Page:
Day two, and I am set to start my volunteering job at Spin. It happened that I arrived in the middle of the first “Live it Lisbon” project (there was a second one later in August) and if you are curious, when you mention Live it Lisbon to Spin’s volunteers, they associate it with two things – exhaustion and fun. Now, you probably want to know what we do during this project that makes us feel so exhausted, and the answer is – everything. During 10 days we spend all of our time with the participants – we organize workshops for them, we do community work together, we take them to cultural trips around Lisbon, we cook and clean with them, we take care of the hostel and on top of that we have to do our regular office work (in my case, I work in the European Programs and Mobility Department).
And despite all of this, despite working overtime and working hard, an unusual phenomenon happens – we never leave the office after our shift finishes. Instead, we make the choice of staying longer and we spend our free time with the participants. Sometimes, this goes to that extent, that we even sleep at the office. Usually, it goes like this – let’s say we have a second shift from 3pm until 10pm, then, we decide to stay and hang out with the group – we listen music, play games, share beer or go out in downtown together. Than we check the time and it is already 4am in the morning. We have 4 hours left until our next shift, which starts at 8. We decide that it is better to stay and sleep in the hostel (or in the office) instead of waking up at 6.30am in order to get on time to work (to get from Casa Anjos to Spin it takes around 45 minutes, sometimes even more). Sleep deprived, we continue working the next day, we drink lots of coffee and we manage to make it through the day. Then, our shift finishes, and one more time we face a difficult choice. Torn between having a decent sleep at home or doing the same thing over again, we choose, one more time, to stay.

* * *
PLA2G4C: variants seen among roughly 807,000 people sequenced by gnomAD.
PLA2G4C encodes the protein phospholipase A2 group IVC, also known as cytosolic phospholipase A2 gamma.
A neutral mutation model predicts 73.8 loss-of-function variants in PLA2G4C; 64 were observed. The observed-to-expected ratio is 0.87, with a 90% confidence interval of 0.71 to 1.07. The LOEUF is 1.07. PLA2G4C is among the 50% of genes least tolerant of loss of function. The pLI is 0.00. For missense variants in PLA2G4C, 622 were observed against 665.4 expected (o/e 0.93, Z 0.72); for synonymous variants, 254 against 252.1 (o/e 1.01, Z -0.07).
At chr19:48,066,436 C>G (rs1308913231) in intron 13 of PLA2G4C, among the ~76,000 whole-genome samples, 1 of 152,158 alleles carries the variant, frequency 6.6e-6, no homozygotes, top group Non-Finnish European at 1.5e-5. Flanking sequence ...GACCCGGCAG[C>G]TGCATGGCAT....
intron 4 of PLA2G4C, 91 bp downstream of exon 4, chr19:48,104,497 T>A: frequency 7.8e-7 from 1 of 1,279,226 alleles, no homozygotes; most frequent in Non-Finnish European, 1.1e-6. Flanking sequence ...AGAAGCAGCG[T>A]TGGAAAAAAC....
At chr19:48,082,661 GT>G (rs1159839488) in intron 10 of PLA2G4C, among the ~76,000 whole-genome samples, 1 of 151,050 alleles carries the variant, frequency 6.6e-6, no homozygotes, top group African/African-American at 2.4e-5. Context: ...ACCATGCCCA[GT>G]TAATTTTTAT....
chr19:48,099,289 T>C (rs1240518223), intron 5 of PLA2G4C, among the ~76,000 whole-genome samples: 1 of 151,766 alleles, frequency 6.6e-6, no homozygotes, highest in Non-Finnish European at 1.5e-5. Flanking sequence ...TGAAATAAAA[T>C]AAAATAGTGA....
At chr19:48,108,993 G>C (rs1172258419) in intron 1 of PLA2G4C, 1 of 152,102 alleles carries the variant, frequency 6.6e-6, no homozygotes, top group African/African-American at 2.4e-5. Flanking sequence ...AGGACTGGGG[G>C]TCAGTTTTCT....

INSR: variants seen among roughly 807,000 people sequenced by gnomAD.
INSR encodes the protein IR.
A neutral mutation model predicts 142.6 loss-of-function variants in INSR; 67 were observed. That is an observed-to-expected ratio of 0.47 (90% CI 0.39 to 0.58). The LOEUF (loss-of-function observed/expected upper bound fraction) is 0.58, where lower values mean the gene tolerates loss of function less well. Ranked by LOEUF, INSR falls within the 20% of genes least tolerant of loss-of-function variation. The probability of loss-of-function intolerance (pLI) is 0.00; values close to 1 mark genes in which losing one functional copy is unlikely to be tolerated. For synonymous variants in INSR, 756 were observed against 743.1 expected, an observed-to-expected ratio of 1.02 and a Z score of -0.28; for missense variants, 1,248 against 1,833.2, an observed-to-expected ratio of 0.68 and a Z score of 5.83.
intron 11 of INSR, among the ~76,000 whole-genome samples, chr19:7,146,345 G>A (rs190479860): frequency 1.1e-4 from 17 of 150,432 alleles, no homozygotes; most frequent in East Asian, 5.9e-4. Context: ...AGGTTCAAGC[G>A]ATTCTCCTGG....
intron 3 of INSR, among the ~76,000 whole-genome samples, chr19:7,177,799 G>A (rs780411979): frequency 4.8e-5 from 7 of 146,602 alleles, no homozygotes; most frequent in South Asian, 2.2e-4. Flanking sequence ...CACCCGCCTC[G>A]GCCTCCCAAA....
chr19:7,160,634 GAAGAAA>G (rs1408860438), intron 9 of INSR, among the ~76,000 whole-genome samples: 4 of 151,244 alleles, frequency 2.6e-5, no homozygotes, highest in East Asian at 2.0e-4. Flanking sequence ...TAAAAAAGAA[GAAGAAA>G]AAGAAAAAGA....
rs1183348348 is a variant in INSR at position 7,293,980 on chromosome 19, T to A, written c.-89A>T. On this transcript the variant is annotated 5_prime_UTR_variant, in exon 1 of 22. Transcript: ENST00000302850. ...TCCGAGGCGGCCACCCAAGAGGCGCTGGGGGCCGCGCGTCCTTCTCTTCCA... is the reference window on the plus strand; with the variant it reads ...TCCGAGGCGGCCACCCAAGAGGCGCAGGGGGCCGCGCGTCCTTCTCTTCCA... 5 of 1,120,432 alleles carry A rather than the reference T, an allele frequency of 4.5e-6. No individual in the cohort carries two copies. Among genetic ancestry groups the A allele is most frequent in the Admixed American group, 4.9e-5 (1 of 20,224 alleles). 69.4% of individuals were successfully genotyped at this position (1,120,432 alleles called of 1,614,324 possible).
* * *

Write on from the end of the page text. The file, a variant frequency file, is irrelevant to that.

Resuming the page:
But working at Spin is not only Live it Lisbon. When we don’t host a project and when we don’t have a hostel full of participants, things are taking a completely different turn. During our “normal office days” as we call them, we like to do our job in an easy-going manner. The first thing we do in the morning is, of course, coffee. This is a ritual that has to be strictly respected – otherwise, there is a huge risk that we are not going to be focused enough to do our jobs properly. As soon as we have our daily caffeine fix, we are ready to start. We all have our own areas of work and different tasks are assigned to us, so work is mostly individual. Sometimes, we team up and do things together. However, what connects us all are two things – the office space and the lunch breaks.
Spin has the best office ever – this is because it is a huge place and it gives us enough personal space, but on the other hand, since we are all in the same room, we are communicating all the time, we joke around, help each other, we listen to music together and the list goes on and on. Another cool thing about Spin’s working space is that we have our hostel right next doors and this means we have a huge kitchen where we can prepare our lunches, of course, if we are not too lazy to do it. Every now and then, you can see us turning into master chefs showing off our cooking skills, which comes as a very handy skill during international Thursdays – a long-lasting tradition in Spin where one volunteer prepares a traditional lunch from their own country for everyone at work.